The Edinburgh Fringe does not start until August but has to be thought about from now.
Yesterday, I paid the fee for the Malcolm Hardee Comedy Awards Show to be listed in the Edinburgh Fringe programme.
The extract below from Malcolm Hardee’s autobiography I Stole Freddie Mercury’s Birthday Cake proved to be slightly relevant yesterday. Malcolm died in 2005. The incident took place in the early 1990s and actually did happen – I talked to other comedians who were in the hotel at the time and they confirmed Malcolm got his balconies confused. They told me the policemen looked “stunned”.
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Julia remained a flatmate but wasn’t into mating or at least not with me. We did share many things, naturally; we even co-owned a long leather coat that she had bought but which I decided looked much finer on me. And we often mooched around together. When I was asked to screen test for a part in the video recording of a live show in Newcastle of Vic Reeves’ Big Night Out. Julia was keen to come along on the jaunt.
The day before we were to head North I had gone into Ladbroke’s bookmakers at Charing Cross with twenty pounds and, in a miraculous series of drink-inspired bets, had won £5,200 by the end of the afternoon. Ladbroke’s didn’t have enough cash in the office to pay me so I agreed to pick up my winnings the following day. For some reason Julia and I convinced ourselves that the most appropriate place for this vast booty was a hat box she intended to take to Newcastle. So we turned up at King’s Cross for the train, Julia manically clinging to her hat box and me feeling like the cock of the walk as I swaggered along in my favourite leather coat – though I probably looked more like a raddled Gestapo torturer.
At Newcastle we were booked into the five-star Copthorne Hotel where Vic Reeves, Simon Day, Jimmy Nail and assorted others connected with Vic’s Big Night Out were staying. Julia and I scanned our room for a hiding place for the five grand and the only thing even vaguely suitable was a tall vase on top of the television. I picked the vase up, shook it and tipped out a pack of very pornographic playing cards. There were pictures of people – mainly – doing things even I wouldn’t do. I pocketed the cards. In case the owner came back in search of them we decided not to put the cash in the vase and so it ended up divided between the pockets of the leather coat.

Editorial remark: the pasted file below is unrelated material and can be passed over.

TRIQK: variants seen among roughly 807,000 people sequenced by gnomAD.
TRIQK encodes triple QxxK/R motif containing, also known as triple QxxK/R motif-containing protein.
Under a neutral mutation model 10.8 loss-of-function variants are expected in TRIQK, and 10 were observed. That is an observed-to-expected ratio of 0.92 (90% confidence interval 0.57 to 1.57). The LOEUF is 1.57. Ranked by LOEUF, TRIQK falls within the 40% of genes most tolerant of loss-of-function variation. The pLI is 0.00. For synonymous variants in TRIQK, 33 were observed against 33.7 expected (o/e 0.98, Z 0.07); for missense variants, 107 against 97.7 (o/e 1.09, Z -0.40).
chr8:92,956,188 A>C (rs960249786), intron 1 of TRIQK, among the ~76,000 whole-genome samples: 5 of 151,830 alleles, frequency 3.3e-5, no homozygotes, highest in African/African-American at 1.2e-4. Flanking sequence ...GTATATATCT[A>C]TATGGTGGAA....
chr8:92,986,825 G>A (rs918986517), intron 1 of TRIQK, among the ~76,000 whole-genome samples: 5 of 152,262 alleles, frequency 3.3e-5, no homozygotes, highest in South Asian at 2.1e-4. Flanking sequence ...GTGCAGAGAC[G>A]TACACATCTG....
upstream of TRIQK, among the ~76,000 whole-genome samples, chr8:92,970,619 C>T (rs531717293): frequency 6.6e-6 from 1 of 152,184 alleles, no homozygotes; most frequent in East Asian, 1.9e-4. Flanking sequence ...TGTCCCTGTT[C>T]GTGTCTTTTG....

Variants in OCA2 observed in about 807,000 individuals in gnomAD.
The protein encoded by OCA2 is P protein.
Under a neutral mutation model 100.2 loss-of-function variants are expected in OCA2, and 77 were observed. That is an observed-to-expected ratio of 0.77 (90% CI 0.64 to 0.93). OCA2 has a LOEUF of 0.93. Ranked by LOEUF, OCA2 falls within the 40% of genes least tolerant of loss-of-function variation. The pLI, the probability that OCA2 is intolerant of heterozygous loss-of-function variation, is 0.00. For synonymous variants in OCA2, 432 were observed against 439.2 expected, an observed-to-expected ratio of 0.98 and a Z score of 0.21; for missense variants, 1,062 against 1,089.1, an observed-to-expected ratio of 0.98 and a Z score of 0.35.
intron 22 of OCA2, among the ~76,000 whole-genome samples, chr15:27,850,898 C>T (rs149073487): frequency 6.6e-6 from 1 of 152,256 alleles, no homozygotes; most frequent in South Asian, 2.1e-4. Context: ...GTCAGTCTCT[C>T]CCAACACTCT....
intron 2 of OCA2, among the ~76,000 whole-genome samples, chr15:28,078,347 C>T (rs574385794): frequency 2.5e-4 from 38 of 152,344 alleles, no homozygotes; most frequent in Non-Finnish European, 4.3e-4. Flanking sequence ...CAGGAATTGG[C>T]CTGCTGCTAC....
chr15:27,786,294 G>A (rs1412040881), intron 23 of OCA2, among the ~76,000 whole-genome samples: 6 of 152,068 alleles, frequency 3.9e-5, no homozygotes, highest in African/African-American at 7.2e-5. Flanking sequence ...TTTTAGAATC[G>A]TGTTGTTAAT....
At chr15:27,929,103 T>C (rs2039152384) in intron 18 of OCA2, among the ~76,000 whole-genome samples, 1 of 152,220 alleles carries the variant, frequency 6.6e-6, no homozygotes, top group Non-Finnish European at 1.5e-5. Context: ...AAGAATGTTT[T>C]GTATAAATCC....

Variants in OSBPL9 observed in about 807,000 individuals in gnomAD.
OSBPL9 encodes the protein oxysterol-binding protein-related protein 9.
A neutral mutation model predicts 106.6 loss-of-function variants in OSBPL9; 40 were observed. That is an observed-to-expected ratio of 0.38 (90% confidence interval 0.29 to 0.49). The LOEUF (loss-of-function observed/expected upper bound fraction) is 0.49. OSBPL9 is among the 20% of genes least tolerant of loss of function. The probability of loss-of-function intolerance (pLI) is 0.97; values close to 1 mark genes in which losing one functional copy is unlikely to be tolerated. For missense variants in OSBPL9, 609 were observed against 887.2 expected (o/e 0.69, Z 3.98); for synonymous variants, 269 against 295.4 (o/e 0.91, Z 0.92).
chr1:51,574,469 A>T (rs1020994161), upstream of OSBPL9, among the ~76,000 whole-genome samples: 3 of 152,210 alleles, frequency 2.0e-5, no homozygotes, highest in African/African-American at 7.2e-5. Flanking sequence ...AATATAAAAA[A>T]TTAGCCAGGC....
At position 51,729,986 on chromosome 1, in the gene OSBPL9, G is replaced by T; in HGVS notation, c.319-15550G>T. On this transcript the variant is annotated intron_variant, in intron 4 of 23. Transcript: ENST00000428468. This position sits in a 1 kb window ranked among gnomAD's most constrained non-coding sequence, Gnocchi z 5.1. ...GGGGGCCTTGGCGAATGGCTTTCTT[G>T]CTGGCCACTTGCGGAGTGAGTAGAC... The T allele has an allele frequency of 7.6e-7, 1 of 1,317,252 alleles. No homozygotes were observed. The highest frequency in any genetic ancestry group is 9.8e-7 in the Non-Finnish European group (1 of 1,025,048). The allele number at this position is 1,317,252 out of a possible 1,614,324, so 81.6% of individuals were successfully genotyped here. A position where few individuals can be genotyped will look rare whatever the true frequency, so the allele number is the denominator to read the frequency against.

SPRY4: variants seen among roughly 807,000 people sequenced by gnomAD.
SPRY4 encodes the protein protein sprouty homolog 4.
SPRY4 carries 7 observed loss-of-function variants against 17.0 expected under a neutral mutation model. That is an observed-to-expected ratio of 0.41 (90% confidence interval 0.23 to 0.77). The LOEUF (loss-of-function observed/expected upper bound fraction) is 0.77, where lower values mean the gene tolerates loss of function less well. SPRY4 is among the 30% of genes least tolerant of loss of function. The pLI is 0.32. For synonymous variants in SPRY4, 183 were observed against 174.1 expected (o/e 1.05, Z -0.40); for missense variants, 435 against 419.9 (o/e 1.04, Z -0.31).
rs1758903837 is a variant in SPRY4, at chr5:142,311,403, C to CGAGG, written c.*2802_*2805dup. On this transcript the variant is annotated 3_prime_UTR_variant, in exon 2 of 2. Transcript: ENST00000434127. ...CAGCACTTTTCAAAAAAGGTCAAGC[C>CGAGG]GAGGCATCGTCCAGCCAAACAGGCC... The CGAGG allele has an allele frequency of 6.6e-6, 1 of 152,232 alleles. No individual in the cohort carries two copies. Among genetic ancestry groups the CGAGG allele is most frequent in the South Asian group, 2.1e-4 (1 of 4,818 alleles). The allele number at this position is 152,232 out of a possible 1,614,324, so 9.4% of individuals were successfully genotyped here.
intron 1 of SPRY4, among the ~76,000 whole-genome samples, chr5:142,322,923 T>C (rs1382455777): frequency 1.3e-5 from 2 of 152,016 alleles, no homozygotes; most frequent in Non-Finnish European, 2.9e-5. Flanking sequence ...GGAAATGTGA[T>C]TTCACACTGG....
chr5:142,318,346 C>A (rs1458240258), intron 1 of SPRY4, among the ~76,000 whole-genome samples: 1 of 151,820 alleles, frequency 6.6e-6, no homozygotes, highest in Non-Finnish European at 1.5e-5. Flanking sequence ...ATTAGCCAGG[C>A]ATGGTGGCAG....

I failed to make it on to Vic’s video but the live show was jolly. We trooped back from it on Vic’s tour bus – a sort of mobile hotel with bedrooms and lounge area – and spent a liquid evening in the Copthorne bar. I was one of the last to leave and when I was approaching my room I realised that Simon Day, who had been chosen in preference to me for the video, was on the same landing. He had been given the presidential suite – a very grand affair with a balcony that ran along the front of the hotel. I suspected that Simon had retired early to his room because he had lured some unsuspecting female there and, all things considered, it seemed right that I should bid him a congratulatory goodnight.
Wearing only the leather coat and a pair of socks I crawled along the balcony of my room and clambered across to Simon’s. I hammered on his window intending to flash open the coat when he pulled back the curtains. Not a sound. Disappointed I eventually returned to my room to find Julia in her bed, cowering under the sheets, and two men with guns pointed at me. They were Special Branch. Anti-terrorism. And I vaguely recalled some notices pinned in the hotel about a senior politician – Michael Heseltine, I think – who was staying there and ‘would guests behave accordingly’ as the Special Branch boys handcuffed me and marched me down to a Portakabin in the car park that was both their headquarters and their prison cell.
I was asked to turn out my pockets: £5,200 in cash and a very pornographic pack of playing cards. I was asked for my address, which I gave as 1 Mell Street, Greenwich, which they ran through their computer. This told them a fact that I had known but not been unduly bothered by before: that Mell Street had been the home of Gerard Tuite, the convicted IRA bomber who had been arrested there some years before.
Things did not look good. I was facing a charge that could have resulted in life imprisonment had a jury been convinced that I intended to murder Mr Heseltine with a pack of dirty playing cards. I spent an uncomfortable few hours – what a waste of a night in a five-star hotel – until Vic Reeves’ tour manager could be found to confirm that I was there to not star in his video.
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That anecdote became relevant yesterday because I asked comedian Bob Slayer if anything interesting had happened when he performed in Leicester on Friday.
“Yes I nearly died,” he told me. “Well, almost. I was given a Health & Safety lecture after the gig because, during the show, I ran along the balcony wall (naked of course) 40 feet up.”
The moral to this story is simple.
The attraction of British balconies to naked comedians remains constant.